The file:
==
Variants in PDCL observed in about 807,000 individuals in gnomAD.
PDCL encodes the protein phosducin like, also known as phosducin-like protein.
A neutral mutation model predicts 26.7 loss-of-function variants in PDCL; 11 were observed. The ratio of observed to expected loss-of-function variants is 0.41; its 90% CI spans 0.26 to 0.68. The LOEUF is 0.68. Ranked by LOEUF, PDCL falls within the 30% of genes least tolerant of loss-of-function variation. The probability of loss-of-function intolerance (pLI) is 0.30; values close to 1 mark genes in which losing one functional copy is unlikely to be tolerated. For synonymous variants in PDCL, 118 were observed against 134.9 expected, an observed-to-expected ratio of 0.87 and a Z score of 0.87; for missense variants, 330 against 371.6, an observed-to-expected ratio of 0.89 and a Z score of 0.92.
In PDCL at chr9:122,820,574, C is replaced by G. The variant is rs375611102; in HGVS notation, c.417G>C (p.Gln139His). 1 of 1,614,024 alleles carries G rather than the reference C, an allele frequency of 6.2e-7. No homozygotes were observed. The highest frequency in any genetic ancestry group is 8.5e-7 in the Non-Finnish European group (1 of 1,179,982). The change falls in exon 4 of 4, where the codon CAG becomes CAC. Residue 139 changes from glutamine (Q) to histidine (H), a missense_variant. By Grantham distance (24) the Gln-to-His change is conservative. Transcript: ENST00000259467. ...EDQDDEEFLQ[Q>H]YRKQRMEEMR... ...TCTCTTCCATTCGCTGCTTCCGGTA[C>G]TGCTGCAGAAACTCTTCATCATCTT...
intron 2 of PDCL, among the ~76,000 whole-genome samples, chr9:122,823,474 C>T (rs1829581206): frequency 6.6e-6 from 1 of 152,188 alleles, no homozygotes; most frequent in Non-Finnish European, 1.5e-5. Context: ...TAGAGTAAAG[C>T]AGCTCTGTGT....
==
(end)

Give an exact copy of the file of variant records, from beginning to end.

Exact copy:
Variants in PDCL observed in about 807,000 individuals in gnomAD.
PDCL encodes the protein phosducin like, also known as phosducin-like protein.
A neutral mutation model predicts 26.7 loss-of-function variants in PDCL; 11 were observed. The ratio of observed to expected loss-of-function variants is 0.41; its 90% CI spans 0.26 to 0.68. The LOEUF is 0.68. Ranked by LOEUF, PDCL falls within the 30% of genes least tolerant of loss-of-function variation. The probability of loss-of-function intolerance (pLI) is 0.30; values close to 1 mark genes in which losing one functional copy is unlikely to be tolerated. For synonymous variants in PDCL, 118 were observed against 134.9 expected, an observed-to-expected ratio of 0.87 and a Z score of 0.87; for missense variants, 330 against 371.6, an observed-to-expected ratio of 0.89 and a Z score of 0.92.
In PDCL at chr9:122,820,574, C is replaced by G. The variant is rs375611102; in HGVS notation, c.417G>C (p.Gln139His). 1 of 1,614,024 alleles carries G rather than the reference C, an allele frequency of 6.2e-7. No homozygotes were observed. The highest frequency in any genetic ancestry group is 8.5e-7 in the Non-Finnish European group (1 of 1,179,982). The change falls in exon 4 of 4, where the codon CAG becomes CAC. Residue 139 changes from glutamine (Q) to histidine (H), a missense_variant. By Grantham distance (24) the Gln-to-His change is conservative. Transcript: ENST00000259467. ...EDQDDEEFLQ[Q>H]YRKQRMEEMR... ...TCTCTTCCATTCGCTGCTTCCGGTA[C>G]TGCTGCAGAAACTCTTCATCATCTT...
intron 2 of PDCL, among the ~76,000 whole-genome samples, chr9:122,823,474 C>T (rs1829581206): frequency 6.6e-6 from 1 of 152,188 alleles, no homozygotes; most frequent in Non-Finnish European, 1.5e-5. Context: ...TAGAGTAAAG[C>T]AGCTCTGTGT....